In June we hosted a panel of experts at VC firm Northzone’s offices to talk about the current boom and exciting future for B2B marketplaces. Our speakers included Sam Freedman from Curate Beauty, Jina Kwon from Ankorstore and Erez Mathan from Rooser.
We’re exploring their answers in a series of blogs to dig deeper into the B2B marketplace ecosystem. So far we’re spoken about tricks to scaling and control over the supply chain, so check those out if you’re interested.
In today’s blog we explore whether the B2B marketplace landscape is similar to the B2C one, where one big player will win a significant amount of market share. In other words – are B2B marketplaces winner-takes-all?
The consumer e-commerce market is dominated by two largest players – Amazon and Alibaba. With the former having a 52% market share in the U.S. and the latter accounting for 30% of the market worldwide.
Even in segments with more niche products there’s often a clear winner that takes up a significant share of the market. However, with the B2B e-commerce market being over 5 times the size of B2C, is there space for a more even distribution in the market? Our speakers shared their perspectives on competition in B2B marketplaces and reflected on whether it’s a winner-takes-all space.
Ankorstore is an interesting marketplace as they’ve decided to take an industry-agnostic approach. They launched only two years ago but are already present in 33 countries across Europe, partnering with more than 250,000 retailers, florists, coffee-shops and other concept-stores. Their mission is to be an alternative to Amazon,offering more authentic, independent brands.
This is why their UK Country Manager, Jina Kwon’s, perspective was particularly interesting when it came to competition in the category as a whole. Here’s what Jina had to say about the B2B marketplace landscape:
“I'm very used to being in super competitive, winner-take-all environments, like Groupon, and lots of colleagues of mine have gone on to the Deliveroos of the world. And these are all, you know, you make one dinner order a night — it's winner-takes-all. What I find in retail wholesale is not as winner-takes-all, or this is not the dynamic that I feel with retailers and wholesalers. I think it's a plus for us to have other participants in the market because we are disrupting something old and archaic. And to have other companies that are doing the same thing and doing the education piece for us – we don't think it’s a bad thing.”
As Jina pointed out, being a disruptor is hard and requires a lot of education work before the market is convinced. Some challenges you’re likely to face are lack of trust and understanding. Potential customers won’t be as likely to be familiar with the e-commerce model and might’ve never made purchases online in this form before. You might also come up against industry animosity as established players might not be willing to embrace the change. I would add something about coming up against industry animosity
So having other marketplaces doing the education and building trust in the concept can be highly beneficial. As CEO and Founder of the beauty marketplace Curate Beauty, Sam Freedman, said “marketplaces such as Faire helped set up the concept of wholesale marketplaces in the UK. They established what B2B marketplaces are and that helped us. I think that having different niches within B2B marketplaces will be the future.”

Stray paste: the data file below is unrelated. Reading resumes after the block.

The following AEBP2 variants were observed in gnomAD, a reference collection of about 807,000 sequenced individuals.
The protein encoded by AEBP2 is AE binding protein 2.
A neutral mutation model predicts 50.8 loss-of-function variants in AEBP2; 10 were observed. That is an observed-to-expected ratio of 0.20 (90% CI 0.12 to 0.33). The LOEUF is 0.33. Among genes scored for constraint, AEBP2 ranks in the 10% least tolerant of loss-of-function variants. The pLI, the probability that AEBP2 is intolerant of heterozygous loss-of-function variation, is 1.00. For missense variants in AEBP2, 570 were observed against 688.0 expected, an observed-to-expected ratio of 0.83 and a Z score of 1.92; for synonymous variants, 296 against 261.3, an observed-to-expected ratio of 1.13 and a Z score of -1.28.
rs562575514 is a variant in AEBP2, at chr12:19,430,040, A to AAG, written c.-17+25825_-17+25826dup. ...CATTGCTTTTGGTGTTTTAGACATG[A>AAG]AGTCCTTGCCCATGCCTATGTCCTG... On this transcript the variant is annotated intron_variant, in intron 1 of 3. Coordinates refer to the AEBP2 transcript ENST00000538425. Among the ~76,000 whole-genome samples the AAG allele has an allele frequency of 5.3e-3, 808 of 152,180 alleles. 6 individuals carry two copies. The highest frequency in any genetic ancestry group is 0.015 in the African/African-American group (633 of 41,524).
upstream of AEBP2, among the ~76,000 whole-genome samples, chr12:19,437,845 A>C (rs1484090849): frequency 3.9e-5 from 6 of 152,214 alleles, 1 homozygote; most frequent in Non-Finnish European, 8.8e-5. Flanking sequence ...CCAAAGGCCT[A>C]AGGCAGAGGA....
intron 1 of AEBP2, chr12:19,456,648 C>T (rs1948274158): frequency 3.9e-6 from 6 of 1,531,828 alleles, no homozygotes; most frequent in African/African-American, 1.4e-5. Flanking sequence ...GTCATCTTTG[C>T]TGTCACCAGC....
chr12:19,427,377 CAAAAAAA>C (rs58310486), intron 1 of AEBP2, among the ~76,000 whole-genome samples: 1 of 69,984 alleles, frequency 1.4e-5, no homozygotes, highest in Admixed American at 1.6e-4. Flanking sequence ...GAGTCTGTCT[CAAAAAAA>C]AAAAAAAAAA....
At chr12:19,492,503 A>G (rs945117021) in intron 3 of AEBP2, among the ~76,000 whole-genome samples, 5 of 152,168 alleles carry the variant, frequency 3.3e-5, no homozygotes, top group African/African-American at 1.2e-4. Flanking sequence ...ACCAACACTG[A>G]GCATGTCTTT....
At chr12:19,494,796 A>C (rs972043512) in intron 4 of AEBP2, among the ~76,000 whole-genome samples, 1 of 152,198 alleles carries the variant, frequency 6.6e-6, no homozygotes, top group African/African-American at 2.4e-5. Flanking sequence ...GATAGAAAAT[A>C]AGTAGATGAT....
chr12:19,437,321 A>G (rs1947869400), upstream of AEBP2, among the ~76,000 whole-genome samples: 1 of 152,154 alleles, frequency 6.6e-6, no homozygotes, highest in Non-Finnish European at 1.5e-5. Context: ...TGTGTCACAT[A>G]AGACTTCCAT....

Multisourcing i.e. using multiple suppliers, is a popular option with many wholesale buyers. This approach helps stabilise the supply chain, ensure high quality and gives more negotiating power to the buyer. And most importantly it gives them a competitive edge with their own customers. After all, as Sam pointed out shoppers want choice:
“People want choices and options when shopping. And they don't just go, as they traditionally would, with maybe one distributor to look after them. They want all different options and there's no reason why they can't have lots and lots of suppliers to bring in more.”
E-commerce made wholesale purchases are more of an ‘à la carte’ model where buyers can pick and choose which products they’re interested in. This can be a good thing for your marketplace as you can differentiate yourself with a unique product or go broad and try to provide a wide range of choices. It’s important you listen to your customers and ensure the quality of the buyers and sellers you invite on the platform. As we’ve seen throughout this series, trust is the key to a successful marketplace.
It seems so. The B2B e-commerce space is significantly larger than B2C and it operates on different principles. B2B marketplaces are often disrupting the long-standing traditions of how business is done in their niche. This can be challenging and put a lot of pressure on you to do the education and trust building. Which is why other entrants in the market are great and can raise the profile of the category as a whole.
Check out the clip below to hear the full answers to this question:
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